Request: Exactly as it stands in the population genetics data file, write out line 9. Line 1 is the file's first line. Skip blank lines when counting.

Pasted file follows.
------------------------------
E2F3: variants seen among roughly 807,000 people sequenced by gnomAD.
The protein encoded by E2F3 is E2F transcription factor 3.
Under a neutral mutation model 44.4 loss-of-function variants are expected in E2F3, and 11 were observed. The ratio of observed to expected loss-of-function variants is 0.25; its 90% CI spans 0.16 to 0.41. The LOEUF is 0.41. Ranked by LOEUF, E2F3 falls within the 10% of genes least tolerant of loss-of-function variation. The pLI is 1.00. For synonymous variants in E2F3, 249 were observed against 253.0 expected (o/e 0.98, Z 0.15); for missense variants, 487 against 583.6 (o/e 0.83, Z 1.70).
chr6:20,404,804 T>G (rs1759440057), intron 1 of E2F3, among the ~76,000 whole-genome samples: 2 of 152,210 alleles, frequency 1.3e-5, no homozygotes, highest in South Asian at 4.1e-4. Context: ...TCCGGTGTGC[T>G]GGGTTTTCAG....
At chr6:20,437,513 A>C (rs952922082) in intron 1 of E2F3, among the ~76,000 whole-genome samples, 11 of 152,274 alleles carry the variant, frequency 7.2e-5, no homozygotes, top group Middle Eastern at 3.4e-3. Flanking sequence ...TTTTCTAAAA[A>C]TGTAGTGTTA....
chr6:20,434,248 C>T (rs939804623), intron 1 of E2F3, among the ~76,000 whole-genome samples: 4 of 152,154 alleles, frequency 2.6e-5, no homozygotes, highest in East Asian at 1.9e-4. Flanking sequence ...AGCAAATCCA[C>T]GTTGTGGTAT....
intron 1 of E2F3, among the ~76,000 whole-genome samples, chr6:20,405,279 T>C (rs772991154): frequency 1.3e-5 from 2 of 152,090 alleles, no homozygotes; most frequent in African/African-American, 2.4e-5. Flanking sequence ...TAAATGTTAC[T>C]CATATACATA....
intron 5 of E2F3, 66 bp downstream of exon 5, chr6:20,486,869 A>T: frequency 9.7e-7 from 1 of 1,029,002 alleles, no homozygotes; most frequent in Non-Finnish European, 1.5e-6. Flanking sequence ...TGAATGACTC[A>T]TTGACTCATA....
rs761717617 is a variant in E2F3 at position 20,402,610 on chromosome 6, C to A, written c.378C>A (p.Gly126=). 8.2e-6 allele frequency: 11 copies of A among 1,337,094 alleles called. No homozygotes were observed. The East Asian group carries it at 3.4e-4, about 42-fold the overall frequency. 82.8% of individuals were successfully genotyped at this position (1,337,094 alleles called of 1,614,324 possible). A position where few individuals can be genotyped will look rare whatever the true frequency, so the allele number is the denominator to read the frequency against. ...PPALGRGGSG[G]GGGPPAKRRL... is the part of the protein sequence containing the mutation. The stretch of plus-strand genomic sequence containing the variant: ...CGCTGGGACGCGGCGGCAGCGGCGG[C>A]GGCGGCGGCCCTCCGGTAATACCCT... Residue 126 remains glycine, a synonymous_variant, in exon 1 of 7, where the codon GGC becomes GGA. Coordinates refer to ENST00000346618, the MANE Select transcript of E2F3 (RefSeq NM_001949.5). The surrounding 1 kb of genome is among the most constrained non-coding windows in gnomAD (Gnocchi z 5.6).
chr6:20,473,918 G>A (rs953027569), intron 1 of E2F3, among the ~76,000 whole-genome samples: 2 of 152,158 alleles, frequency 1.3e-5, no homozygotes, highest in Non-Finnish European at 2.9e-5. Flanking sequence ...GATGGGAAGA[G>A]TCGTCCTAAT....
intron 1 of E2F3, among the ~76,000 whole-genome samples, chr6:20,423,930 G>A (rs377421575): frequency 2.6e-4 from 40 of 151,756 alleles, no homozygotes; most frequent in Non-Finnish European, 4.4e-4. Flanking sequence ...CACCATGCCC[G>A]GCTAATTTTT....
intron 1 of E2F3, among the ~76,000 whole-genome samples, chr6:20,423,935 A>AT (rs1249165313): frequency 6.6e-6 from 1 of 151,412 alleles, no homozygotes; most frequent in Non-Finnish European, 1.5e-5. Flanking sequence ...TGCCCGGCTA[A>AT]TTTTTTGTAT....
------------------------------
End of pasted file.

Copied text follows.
rs761717617 is a variant in E2F3 at position 20,402,610 on chromosome 6, C to A, written c.378C>A (p.Gly126=). 8.2e-6 allele frequency: 11 copies of A among 1,337,094 alleles called. No homozygotes were observed. The East Asian group carries it at 3.4e-4, about 42-fold the overall frequency. 82.8% of individuals were successfully genotyped at this position (1,337,094 alleles called of 1,614,324 possible). A position where few individuals can be genotyped will look rare whatever the true frequency, so the allele number is the denominator to read the frequency against. ...PPALGRGGSG[G]GGGPPAKRRL... is the part of the protein sequence containing the mutation. The stretch of plus-strand genomic sequence containing the variant: ...CGCTGGGACGCGGCGGCAGCGGCGG[C>A]GGCGGCGGCCCTCCGGTAATACCCT... Residue 126 remains glycine, a synonymous_variant, in exon 1 of 7, where the codon GGC becomes GGA. Coordinates refer to ENST00000346618, the MANE Select transcript of E2F3 (RefSeq NM_001949.5). The surrounding 1 kb of genome is among the most constrained non-coding windows in gnomAD (Gnocchi z 5.6).